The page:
By Landon Stevens & Arthur Wardle
June 20, 2016 at 5:00 am ET
As the summer driving season begins, Americans will be making more trips to the pump that, thankfully, will cost less than other summers in recent memory. Because of the Renewable Fuel Standard (RFS), a federal program which requires fuel blenders to mix certain quantities of ethanol into their gasoline, a portion of every gallon that drivers put in their tanks will come from corn-based ethanol grown and produced primarily in the Midwest.
Presidential hopefuls are famous for flaunting their support of federal ethanol policies during campaign stops in the heartland. Donald Trump, for instance, exclaimed “I love it!” when asked about ethanol during a visit to Iowa last fall (Hillary Clinton has expressed support as well). For the Republican Party, which so often extols the virtues of “small government,” a big government mandate like the RFS seems like a strange bedfellow. In the future, however, the RFS may be sleeping on the couch. This is good news for American taxpayers.
Historically, Republican support for the RFS was based on the GOP’s reliance on support from the Iowa corn industry. The centrality of corn to such an important election state’s economic interest means the corn industry is able to flex a disproportionate amount of muscle in guiding candidate’s political positions.
However, in February, Ted Cruz was able to win Iowa’s caucus handily despite his opposition to the RFS. The exact reason Cruz was able to get away with opposing the RFS is hard to pinpoint — Iowans from all political backgrounds still support the RFS with wide margins. Whatever the reason, the sudden drop in issue salience for the RFS is good news — not only for Americans as a whole, but also for the Corn Belt itself.
A study by the Institute of Political Economy (IPE) at Utah State University illuminates the dismal economic reality of the RFS. Federal ethanol policies have concentrated wealth among a few well-connected corporations best equipped to capitalize on subsidies stemming from a complex tax code. On the whole, ethanol policy has hurt, rather than helped, the Corn Belt. The whole country, the Corn Belt included, has seen employment rates rise and per capita incomes fall since RFS’ implementation. However, IPE’s study shows that the Renewable Fuel Standard has slowed employment recovery by 0.48% and cut per capita incomes by an additional $300 in high corn-producing counties. The RFS has not resulted in any widespread economic benefit, and has actually been economically detrimental for the average Corn Belt resident.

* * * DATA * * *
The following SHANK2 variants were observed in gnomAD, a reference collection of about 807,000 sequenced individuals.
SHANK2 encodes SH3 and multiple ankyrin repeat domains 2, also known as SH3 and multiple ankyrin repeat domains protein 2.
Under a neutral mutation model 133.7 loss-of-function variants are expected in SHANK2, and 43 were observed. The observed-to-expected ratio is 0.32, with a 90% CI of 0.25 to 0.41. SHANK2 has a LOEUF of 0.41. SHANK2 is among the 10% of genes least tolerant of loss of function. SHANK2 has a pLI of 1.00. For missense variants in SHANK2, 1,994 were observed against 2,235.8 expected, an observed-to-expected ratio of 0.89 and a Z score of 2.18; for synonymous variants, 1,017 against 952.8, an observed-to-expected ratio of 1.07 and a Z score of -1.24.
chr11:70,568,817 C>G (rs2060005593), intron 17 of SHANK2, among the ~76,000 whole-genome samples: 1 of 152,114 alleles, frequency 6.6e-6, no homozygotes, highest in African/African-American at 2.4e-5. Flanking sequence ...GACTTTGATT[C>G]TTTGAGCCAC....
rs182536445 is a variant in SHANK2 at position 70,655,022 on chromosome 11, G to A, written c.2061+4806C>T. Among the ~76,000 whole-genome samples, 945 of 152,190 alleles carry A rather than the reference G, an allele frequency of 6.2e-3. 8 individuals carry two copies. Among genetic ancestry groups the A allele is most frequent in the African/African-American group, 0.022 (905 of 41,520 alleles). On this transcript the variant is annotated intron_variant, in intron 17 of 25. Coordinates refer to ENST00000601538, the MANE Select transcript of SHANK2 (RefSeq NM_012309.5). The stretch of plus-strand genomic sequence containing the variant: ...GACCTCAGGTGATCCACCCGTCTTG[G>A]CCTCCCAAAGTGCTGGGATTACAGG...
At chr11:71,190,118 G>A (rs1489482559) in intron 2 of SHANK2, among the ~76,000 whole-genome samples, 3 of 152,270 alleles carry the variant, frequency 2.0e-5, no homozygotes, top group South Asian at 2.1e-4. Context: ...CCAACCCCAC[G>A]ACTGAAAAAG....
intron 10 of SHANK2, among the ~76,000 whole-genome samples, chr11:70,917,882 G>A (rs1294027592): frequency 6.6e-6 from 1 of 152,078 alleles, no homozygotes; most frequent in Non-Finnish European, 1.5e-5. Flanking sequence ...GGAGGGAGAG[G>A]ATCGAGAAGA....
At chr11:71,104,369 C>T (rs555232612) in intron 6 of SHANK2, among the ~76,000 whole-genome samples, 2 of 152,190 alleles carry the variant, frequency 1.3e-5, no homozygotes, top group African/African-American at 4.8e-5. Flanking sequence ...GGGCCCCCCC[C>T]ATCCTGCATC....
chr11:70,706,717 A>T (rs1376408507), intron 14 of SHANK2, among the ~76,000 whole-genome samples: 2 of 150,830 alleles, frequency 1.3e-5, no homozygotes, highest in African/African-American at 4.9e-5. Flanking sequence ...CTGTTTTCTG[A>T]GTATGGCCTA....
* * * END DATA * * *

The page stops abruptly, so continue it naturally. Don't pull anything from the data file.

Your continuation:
Corporations that own ethanol refineries also use their relationships with local governments to leave Corn Belt residents footing hefty infrastructure improvement bills. Local governments often hand out years of tax exempt status to prospective refineries in order to woo them into building within city limits. Meanwhile, heavy truck traffic hurts local roads and extensive water requirements burden local water systems. With refineries operating under tax exempt status, other residents bear the cost for these expensive development projects.
Corn and oil markets are volatile, and the RFS too often encourages local communities to peg their economic futures to the ability of ethanol refineries to turn a profit. This can be disastrous to local economies as producers decide whether to close up shop or keep producing ethanol at a loss in downtimes. Following record high profits on the back of $100 per barrel oil in 2014, many refineries today lose money on each gallon of ethanol they produce, even with the RFS in place.
The Renewable Fuel Standard isn’t the cure-all to the Corn Belt’s economy that politicians have repeatedly promised. Iowa’s willingness to consider a candidate opposed to the RFS was a sign that ethanol’s stranglehold on the presidential election process might be over. Even though that candidate is no longer in the running, that signal is good for American drivers as a whole, and especially for those living, working and driving in the Corn Belt.
Landon Stevens is a Director of Policy at Strata, a public policy research center in Logan, Utah. Arthur Wardle is a Student Development and Research Associate at Strata.